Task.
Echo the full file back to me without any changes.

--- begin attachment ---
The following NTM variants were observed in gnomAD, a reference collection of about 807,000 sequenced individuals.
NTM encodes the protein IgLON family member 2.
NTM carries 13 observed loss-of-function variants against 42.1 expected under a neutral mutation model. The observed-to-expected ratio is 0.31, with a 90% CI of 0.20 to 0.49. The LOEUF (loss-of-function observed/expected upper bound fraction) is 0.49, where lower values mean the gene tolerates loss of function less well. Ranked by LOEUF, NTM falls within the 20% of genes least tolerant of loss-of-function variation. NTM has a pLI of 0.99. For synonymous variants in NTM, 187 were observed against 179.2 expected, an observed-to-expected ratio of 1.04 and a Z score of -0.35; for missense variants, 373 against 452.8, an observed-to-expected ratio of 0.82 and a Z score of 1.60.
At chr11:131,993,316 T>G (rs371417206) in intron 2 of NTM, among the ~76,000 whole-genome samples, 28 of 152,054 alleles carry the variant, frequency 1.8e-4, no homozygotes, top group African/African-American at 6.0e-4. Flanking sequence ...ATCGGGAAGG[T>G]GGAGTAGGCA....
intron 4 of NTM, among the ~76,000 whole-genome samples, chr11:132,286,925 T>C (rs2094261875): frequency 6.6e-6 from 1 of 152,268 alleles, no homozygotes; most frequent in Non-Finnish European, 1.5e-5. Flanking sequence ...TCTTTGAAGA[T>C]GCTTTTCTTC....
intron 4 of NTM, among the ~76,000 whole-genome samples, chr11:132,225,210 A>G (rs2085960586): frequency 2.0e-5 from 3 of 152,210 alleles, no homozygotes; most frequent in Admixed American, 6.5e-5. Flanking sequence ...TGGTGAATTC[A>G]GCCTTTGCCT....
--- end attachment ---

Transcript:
The following NTM variants were observed in gnomAD, a reference collection of about 807,000 sequenced individuals.
NTM encodes the protein IgLON family member 2.
NTM carries 13 observed loss-of-function variants against 42.1 expected under a neutral mutation model. The observed-to-expected ratio is 0.31, with a 90% CI of 0.20 to 0.49. The LOEUF (loss-of-function observed/expected upper bound fraction) is 0.49, where lower values mean the gene tolerates loss of function less well. Ranked by LOEUF, NTM falls within the 20% of genes least tolerant of loss-of-function variation. NTM has a pLI of 0.99. For synonymous variants in NTM, 187 were observed against 179.2 expected, an observed-to-expected ratio of 1.04 and a Z score of -0.35; for missense variants, 373 against 452.8, an observed-to-expected ratio of 0.82 and a Z score of 1.60.
At chr11:131,993,316 T>G (rs371417206) in intron 2 of NTM, among the ~76,000 whole-genome samples, 28 of 152,054 alleles carry the variant, frequency 1.8e-4, no homozygotes, top group African/African-American at 6.0e-4. Flanking sequence ...ATCGGGAAGG[T>G]GGAGTAGGCA....
intron 4 of NTM, among the ~76,000 whole-genome samples, chr11:132,286,925 T>C (rs2094261875): frequency 6.6e-6 from 1 of 152,268 alleles, no homozygotes; most frequent in Non-Finnish European, 1.5e-5. Flanking sequence ...TCTTTGAAGA[T>C]GCTTTTCTTC....
intron 4 of NTM, among the ~76,000 whole-genome samples, chr11:132,225,210 A>G (rs2085960586): frequency 2.0e-5 from 3 of 152,210 alleles, no homozygotes; most frequent in Admixed American, 6.5e-5. Flanking sequence ...TGGTGAATTC[A>G]GCCTTTGCCT....